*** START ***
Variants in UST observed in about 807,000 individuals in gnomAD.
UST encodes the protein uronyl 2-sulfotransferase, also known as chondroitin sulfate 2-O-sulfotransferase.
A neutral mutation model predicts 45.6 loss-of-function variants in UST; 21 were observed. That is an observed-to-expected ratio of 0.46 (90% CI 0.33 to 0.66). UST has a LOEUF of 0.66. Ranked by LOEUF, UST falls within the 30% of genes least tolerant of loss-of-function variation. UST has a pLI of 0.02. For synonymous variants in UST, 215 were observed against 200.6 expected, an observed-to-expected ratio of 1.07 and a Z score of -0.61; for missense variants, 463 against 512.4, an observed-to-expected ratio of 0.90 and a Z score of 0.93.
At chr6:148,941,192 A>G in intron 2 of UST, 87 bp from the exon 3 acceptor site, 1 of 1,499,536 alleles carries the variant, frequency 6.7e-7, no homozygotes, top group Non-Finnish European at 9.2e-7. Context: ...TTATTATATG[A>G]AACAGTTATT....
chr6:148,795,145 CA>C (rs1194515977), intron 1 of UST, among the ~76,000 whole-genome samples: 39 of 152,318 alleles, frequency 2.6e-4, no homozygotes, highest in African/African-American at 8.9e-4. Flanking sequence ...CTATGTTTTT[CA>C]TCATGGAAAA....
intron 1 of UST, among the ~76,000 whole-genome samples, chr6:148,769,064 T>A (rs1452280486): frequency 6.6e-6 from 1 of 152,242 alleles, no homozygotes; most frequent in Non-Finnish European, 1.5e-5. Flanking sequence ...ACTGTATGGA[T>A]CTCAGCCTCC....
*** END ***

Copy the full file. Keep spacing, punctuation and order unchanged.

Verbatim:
Variants in UST observed in about 807,000 individuals in gnomAD.
UST encodes the protein uronyl 2-sulfotransferase, also known as chondroitin sulfate 2-O-sulfotransferase.
A neutral mutation model predicts 45.6 loss-of-function variants in UST; 21 were observed. That is an observed-to-expected ratio of 0.46 (90% CI 0.33 to 0.66). UST has a LOEUF of 0.66. Ranked by LOEUF, UST falls within the 30% of genes least tolerant of loss-of-function variation. UST has a pLI of 0.02. For synonymous variants in UST, 215 were observed against 200.6 expected, an observed-to-expected ratio of 1.07 and a Z score of -0.61; for missense variants, 463 against 512.4, an observed-to-expected ratio of 0.90 and a Z score of 0.93.
At chr6:148,941,192 A>G in intron 2 of UST, 87 bp from the exon 3 acceptor site, 1 of 1,499,536 alleles carries the variant, frequency 6.7e-7, no homozygotes, top group Non-Finnish European at 9.2e-7. Context: ...TTATTATATG[A>G]AACAGTTATT....
chr6:148,795,145 CA>C (rs1194515977), intron 1 of UST, among the ~76,000 whole-genome samples: 39 of 152,318 alleles, frequency 2.6e-4, no homozygotes, highest in African/African-American at 8.9e-4. Flanking sequence ...CTATGTTTTT[CA>C]TCATGGAAAA....
intron 1 of UST, among the ~76,000 whole-genome samples, chr6:148,769,064 T>A (rs1452280486): frequency 6.6e-6 from 1 of 152,242 alleles, no homozygotes; most frequent in Non-Finnish European, 1.5e-5. Flanking sequence ...ACTGTATGGA[T>A]CTCAGCCTCC....